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This chapter is from the book

2.9 pprint—Pretty-Print Data Structures

  • Purpose Pretty-print data structures.
  • Python Version 1.4 and later

pprint contains a "pretty printer" for producing aesthetically pleasing views of data structures. The formatter produces representations of data structures that can be parsed correctly by the interpreter and are also easy for a human to read. The output is kept on a single line, if possible, and indented when split across multiple lines.

The examples in this section all depend on pprint_data.py, which contains the following.

data = [ (1, { 'a':'A', 'b':'B', 'c':'C', 'd':'D' }),
         (2, { 'e':'E', 'f':'F', 'g':'G', 'h':'H',
               'i':'I', 'j':'J', 'k':'K', 'l':'L',
               }),
         ]

2.9.1 Printing

The simplest way to use the module is through the pprint() function.

from pprint import pprint

from pprint_data import data

print 'PRINT:'

print data
print

print 'PPRINT:'
pprint(data)

pprint() formats an object and writes it to the data stream passed as argument (or sys.stdout by default).

$ python pprint_pprint.py

PRINT:
[(1, {'a': 'A', 'c': 'C', 'b': 'B', 'd': 'D'}), (2, {'e': 'E', 'g':
'G', 'f': 'F', 'i': 'I', 'h': 'H', 'k': 'K', 'j': 'J', 'l': 'L'})]

PPRINT:
[(1, {'a': 'A', 'b': 'B', 'c': 'C', 'd': 'D'}),
 (2,
  {'e': 'E',
   'f': 'F',
   'g': 'G',
   'h': 'H',
   'i': 'I',
   'j': 'J',
   'k': 'K',
   'l': 'L'})]

2.9.2 Formatting

To format a data structure without writing it directly to a stream (i.e., for logging), use pformat() to build a string representation.

import logging

from pprint import pformat
from pprint_data import data

logging.basicConfig(level=logging.DEBUG,
                    format='%(levelname)-8s %(message)s',
                    )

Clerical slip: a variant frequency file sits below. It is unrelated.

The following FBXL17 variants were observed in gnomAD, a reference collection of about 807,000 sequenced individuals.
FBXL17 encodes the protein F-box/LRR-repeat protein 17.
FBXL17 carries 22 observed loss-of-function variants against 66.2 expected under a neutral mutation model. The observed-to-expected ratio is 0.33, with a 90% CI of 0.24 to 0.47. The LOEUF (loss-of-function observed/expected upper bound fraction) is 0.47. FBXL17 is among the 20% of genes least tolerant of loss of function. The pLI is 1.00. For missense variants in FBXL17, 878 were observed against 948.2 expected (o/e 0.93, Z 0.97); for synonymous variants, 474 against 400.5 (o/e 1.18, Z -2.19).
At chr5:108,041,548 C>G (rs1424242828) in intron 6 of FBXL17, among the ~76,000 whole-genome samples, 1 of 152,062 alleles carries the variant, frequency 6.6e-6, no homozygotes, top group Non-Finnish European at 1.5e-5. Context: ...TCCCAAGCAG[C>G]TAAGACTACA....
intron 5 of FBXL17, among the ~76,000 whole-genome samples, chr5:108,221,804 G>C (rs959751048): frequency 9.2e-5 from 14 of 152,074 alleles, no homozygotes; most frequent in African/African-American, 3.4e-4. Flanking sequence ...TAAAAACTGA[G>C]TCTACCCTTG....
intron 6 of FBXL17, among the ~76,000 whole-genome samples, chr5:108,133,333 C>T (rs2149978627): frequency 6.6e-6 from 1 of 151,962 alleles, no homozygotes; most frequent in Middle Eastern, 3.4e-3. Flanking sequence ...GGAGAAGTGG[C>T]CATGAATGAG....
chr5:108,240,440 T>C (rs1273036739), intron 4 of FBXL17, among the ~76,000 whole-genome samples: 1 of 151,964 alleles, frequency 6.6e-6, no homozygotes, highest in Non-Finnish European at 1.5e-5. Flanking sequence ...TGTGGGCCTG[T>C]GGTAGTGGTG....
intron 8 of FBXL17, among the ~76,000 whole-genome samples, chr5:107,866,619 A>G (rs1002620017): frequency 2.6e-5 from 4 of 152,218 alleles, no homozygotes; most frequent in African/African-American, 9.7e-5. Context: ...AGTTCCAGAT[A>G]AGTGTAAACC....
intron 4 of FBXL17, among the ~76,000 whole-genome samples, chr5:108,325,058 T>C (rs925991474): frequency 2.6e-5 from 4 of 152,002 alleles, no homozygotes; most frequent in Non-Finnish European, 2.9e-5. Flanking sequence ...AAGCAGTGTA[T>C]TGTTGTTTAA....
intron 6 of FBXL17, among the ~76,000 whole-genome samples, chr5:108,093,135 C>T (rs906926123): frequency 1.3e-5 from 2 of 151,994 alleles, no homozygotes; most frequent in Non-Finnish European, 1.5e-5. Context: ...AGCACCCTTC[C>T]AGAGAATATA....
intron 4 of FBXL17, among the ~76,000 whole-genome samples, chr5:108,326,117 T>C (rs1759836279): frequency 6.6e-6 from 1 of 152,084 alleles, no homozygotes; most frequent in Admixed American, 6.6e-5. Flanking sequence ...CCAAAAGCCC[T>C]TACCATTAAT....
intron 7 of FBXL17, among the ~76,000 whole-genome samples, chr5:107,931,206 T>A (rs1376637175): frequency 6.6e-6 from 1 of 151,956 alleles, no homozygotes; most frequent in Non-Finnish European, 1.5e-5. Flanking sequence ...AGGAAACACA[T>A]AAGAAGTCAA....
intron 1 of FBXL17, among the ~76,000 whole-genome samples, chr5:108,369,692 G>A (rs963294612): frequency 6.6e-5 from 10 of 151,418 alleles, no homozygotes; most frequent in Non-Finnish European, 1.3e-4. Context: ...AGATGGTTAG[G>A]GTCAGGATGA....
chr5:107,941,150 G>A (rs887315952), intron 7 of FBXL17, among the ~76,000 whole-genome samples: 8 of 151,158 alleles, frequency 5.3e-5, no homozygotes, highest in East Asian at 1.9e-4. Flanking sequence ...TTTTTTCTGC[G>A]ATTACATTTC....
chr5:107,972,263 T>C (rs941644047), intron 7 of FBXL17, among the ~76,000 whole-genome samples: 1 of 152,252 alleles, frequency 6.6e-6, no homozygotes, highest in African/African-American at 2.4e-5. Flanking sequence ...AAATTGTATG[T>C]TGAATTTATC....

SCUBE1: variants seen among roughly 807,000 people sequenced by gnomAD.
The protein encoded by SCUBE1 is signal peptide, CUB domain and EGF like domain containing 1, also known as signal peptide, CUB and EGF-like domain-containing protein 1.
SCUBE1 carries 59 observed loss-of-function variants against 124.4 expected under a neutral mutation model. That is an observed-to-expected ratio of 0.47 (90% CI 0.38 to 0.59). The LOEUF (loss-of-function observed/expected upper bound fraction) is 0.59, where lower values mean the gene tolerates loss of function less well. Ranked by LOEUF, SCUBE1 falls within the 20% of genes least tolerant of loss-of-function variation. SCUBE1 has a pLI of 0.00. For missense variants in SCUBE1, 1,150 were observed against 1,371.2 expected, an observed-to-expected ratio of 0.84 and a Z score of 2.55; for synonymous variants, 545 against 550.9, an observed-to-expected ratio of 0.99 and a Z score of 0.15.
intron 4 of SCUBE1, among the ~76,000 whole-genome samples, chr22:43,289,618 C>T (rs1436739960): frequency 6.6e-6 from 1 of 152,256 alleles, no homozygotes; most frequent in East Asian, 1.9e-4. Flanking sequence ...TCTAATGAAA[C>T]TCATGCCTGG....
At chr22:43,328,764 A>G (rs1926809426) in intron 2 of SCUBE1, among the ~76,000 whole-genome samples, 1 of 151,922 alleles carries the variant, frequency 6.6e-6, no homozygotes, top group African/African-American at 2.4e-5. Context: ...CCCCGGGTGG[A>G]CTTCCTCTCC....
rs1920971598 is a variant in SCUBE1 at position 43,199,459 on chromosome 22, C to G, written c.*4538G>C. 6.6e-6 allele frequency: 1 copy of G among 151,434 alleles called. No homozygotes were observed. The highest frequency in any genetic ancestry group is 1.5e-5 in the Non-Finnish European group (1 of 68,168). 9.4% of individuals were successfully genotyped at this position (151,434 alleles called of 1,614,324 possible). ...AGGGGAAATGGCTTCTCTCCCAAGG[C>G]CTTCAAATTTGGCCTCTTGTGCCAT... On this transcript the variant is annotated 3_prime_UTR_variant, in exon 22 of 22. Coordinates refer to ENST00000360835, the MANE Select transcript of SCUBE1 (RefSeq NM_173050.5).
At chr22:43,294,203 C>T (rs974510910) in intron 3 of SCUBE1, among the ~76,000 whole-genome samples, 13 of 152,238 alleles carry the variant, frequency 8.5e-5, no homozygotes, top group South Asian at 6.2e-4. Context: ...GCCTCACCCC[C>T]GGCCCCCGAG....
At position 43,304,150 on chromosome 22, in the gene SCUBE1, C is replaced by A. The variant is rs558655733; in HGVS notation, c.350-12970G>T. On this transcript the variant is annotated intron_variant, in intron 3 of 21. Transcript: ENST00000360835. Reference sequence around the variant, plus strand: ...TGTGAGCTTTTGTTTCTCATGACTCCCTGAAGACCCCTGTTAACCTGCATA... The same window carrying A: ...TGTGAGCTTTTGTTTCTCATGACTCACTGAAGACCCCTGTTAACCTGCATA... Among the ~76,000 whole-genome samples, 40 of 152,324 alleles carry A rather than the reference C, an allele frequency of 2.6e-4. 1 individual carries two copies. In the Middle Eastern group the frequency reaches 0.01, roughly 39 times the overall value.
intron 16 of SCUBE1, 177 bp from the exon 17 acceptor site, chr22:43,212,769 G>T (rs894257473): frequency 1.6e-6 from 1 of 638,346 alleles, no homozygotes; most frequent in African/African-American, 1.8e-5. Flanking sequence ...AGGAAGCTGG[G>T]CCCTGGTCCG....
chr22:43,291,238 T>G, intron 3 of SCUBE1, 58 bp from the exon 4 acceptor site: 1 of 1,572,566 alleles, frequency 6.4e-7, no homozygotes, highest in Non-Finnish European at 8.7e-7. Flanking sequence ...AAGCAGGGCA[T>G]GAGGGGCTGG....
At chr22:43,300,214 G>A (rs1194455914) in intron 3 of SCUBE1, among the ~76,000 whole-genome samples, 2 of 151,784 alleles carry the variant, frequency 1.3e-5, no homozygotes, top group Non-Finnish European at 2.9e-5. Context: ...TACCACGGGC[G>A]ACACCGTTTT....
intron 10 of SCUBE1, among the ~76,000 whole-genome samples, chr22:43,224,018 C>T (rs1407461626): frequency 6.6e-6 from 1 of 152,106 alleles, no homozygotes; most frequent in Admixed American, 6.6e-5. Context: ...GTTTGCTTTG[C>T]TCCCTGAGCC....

logging.debug('Logging pformatted data')
formatted = pformat(data)
for line in formatted.splitlines():
    logging.debug(line.rstrip())

The formatted string can then be printed or logged independently.

$ python pprint_pformat.py

DEBUG    Logging pformatted data
DEBUG    [(1, {'a': 'A', 'b': 'B', 'c': 'C', 'd': 'D'}),
DEBUG     (2,
DEBUG      {'e': 'E',
DEBUG       'f': 'F',
DEBUG       'g': 'G',
DEBUG       'h': 'H',
DEBUG       'i': 'I',
DEBUG       'j': 'J',
DEBUG       'k': 'K',
DEBUG       'l': 'L'})]

2.9.3 Arbitrary Classes

The PrettyPrinter class used by pprint() can also work with custom classes, if they define a __repr__() method.

from pprint import pprint

class node(object):
    def __init__(self, name, contents=[]):
        self.name = name
        self.contents = contents[:]
    def __repr__(self):
        return ( 'node(' + repr(self.name) + ', ' +
                 repr(self.contents) + ')'
                 )

trees = [ node('node-1'),
          node('node-2', [ node('node-2-1')]),
          node('node-3', [ node('node-3-1')]),
          ]
pprint(trees)

The representations of the nested objects are combined by the PrettyPrinter to return the full string representation.

$ python pprint_arbitrary_object.py

[node('node-1', []),
 node('node-2', [node('node-2-1', [])]),
 node('node-3', [node('node-3-1', [])])]

2.9.4 Recursion

Recursive data structures are represented with a reference to the original source of the data, with the form <Recursion on typename with id=number>.

from pprint import pprint

local_data = [ 'a', 'b', 1, 2 ]
local_data.append(local_data)

print 'id(local_data) =>', id(local_data)
pprint(local_data)

In this example, the list local_data is added to itself, creating a recursive reference.

$ python pprint_recursion.py

id(local_data) => 4309215280
['a', 'b', 1, 2, <Recursion on list with id=4309215280>]

2.9.5 Limiting Nested Output

For very deep data structures, it may not be desirable for the output to include all details. The data may not format properly, the formatted text might be too large to manage, or some of the data may be extraneous.

from pprint import pprint

from pprint_data import data

pprint(data, depth=1)

Use the depth argument to control how far down into the nested data structure the pretty printer recurses. Levels not included in the output are represented by an ellipsis.

$ python pprint_depth.py

[(...), (...)]

2.9.6 Controlling Output Width

The default output width for the formatted text is 80 columns. To adjust that width, use the width argument to pprint().

from pprint import pprint

from pprint_data import data

for width in [ 80, 5 ]:
    print 'WIDTH =', width
    pprint(data, width=width)
    print

When the width is too low to accommodate the formatted data structure, the lines are not truncated or wrapped if that would introduce invalid syntax.

$ python pprint_width.py

WIDTH = 80
[(1, {'a': 'A', 'b': 'B', 'c': 'C', 'd': 'D'}),
 (2,
  {'e': 'E',
   'f': 'F',
   'g': 'G',
   'h': 'H',
   'i': 'I',
   'j': 'J',
   'k': 'K',
   'l': 'L'})]

WIDTH = 5
[(1,
  {'a': 'A',
   'b': 'B',
   'c': 'C',
   'd': 'D'}),
 (2,
  {'e': 'E',
   'f': 'F',
   'g': 'G',
   'h': 'H',
   'i': 'I',
   'j': 'J',
   'k': 'K',
   'l': 'L'})]

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